As they make more cancer benefits available to their employees than ever, large employers need to consider offering more help to workers who have been diagnosed with cancer to navigate the maze of options.
On Tuesday, the Northeast Business Group on Health released a guide to help employers do just that.
"Many employers have a variety of vendors and other people internally who can provide health to someone with a cancer diagnosis," said Candice Sherman, the CEO of NEBGH.
With a "constellation" of different offerings from those vendors, newly diagnosed patients can find themselves fielding calls from different companies including their health plan, a second opinion service, a disability manager, navigation services and wellness coaches. "And a newly diagnosed cancer patient likely isn't in the best of all minds to sit down and figure out all the options that are available to them," Sherman said.
One of the most important ways companies can handle this? Introduce their vendors to each other.
This is crucial "so they know what the other does and can more seamlessly work together," Sherman said.
The National Business Group on Health recently released 2019 projections as part of their annual survey of large employers which found companies expect the total cost of providing medical and pharmacy benefits will rise 5% for the sixth consecutive year next year, reaching an average cost of $14,800 in 2019.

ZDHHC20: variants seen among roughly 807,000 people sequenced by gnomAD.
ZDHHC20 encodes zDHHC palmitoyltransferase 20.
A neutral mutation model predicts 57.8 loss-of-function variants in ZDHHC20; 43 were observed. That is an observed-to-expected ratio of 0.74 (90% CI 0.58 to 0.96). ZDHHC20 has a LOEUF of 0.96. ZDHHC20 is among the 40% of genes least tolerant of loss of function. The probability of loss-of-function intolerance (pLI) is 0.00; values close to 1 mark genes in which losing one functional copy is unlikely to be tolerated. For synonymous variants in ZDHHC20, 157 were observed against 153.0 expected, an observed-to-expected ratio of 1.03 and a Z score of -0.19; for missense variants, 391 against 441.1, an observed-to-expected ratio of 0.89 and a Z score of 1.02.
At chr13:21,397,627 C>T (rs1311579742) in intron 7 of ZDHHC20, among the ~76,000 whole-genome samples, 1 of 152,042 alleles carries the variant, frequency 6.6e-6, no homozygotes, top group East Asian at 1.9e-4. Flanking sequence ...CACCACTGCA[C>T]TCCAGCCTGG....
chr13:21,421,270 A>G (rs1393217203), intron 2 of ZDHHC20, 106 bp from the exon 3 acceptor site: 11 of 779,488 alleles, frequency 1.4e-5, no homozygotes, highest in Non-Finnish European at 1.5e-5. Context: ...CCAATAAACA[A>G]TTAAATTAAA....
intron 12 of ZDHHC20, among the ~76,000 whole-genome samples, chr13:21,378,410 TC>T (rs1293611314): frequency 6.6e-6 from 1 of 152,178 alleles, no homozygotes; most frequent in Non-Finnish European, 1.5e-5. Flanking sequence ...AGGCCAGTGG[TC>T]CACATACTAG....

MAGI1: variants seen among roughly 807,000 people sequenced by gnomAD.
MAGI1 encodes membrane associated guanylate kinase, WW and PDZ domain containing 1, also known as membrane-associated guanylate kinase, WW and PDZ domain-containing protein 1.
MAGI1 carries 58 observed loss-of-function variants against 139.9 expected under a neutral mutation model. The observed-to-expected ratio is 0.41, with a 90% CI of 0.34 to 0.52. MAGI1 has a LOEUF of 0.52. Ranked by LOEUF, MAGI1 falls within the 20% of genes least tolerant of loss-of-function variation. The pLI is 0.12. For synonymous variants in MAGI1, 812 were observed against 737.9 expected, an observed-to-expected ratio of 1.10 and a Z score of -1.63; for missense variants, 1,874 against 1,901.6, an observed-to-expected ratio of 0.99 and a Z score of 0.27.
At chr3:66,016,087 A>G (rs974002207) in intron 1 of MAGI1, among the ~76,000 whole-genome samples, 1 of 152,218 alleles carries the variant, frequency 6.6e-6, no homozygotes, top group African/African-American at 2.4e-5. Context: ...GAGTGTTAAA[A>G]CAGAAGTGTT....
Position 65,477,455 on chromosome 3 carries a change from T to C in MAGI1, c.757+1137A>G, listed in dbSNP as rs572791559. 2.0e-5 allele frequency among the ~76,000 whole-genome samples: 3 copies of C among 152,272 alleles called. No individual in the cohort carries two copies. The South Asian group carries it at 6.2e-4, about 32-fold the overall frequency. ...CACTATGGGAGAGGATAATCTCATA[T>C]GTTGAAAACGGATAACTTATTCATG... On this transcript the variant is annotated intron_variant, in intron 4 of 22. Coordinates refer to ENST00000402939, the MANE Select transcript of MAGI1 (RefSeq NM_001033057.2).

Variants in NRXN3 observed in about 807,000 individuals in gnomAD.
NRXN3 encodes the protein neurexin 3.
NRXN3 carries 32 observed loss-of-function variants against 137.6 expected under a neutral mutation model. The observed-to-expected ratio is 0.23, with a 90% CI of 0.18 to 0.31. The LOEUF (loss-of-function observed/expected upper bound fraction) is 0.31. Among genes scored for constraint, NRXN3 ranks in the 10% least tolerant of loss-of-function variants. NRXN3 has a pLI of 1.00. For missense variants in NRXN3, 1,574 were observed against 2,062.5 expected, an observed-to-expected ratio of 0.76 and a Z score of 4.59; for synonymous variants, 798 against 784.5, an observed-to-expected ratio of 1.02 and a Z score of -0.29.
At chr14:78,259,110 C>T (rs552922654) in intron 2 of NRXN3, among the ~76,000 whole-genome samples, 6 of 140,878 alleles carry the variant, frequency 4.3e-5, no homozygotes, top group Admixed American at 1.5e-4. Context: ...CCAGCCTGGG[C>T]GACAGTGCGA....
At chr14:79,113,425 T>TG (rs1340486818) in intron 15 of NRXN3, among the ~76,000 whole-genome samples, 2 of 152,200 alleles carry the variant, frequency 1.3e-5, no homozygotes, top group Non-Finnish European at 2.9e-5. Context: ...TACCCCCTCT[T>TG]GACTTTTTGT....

Cancer can be a major driver of cost. The NBGH estimates while less than 1% of members in a typical commercial population have claims for cancer in a given year, the claims account for about 10% of all medical costs. Cancer has been the leading cause of long-term disability for nearly a decade and employees often have high rates of absenteeism in the course of their treatment for services like chemotherapy and lab visits. Plus, treatment side effects may compromise their ability to perform day-to-day duties.
Cancer patients could benefit from resources that are already available to them to navigate the fast evolving landscape of cancer care to avoid unnecessary tests and treatments.
"One of the things our members have said is: 'Look, we want to provide the best possible care to our employees and their families and we want to get value from those dollars we're spending,'" Sherman said.
The guide offers employers ideas about how to create a "huddle" with a designated "quarterback" to coordinate employee and family medical benefits along with social and emotional support services. It's also meant to ensure employees or their family members are not left confused by their benefits or simply exasperated by multiple contacts asking for the same pieces of information.
It isn't meant to replace regular coordinated communication above benefits to employees before they get sick, Sherman said.
But establishing better processes once a patient is diagnosed can help ensure benefits are put to their best use by ensuring their employees know not only about support for their clinical care, but also services to help them through the emotional fallout and financial toxicity that a cancer diagnosis can wreak, she said.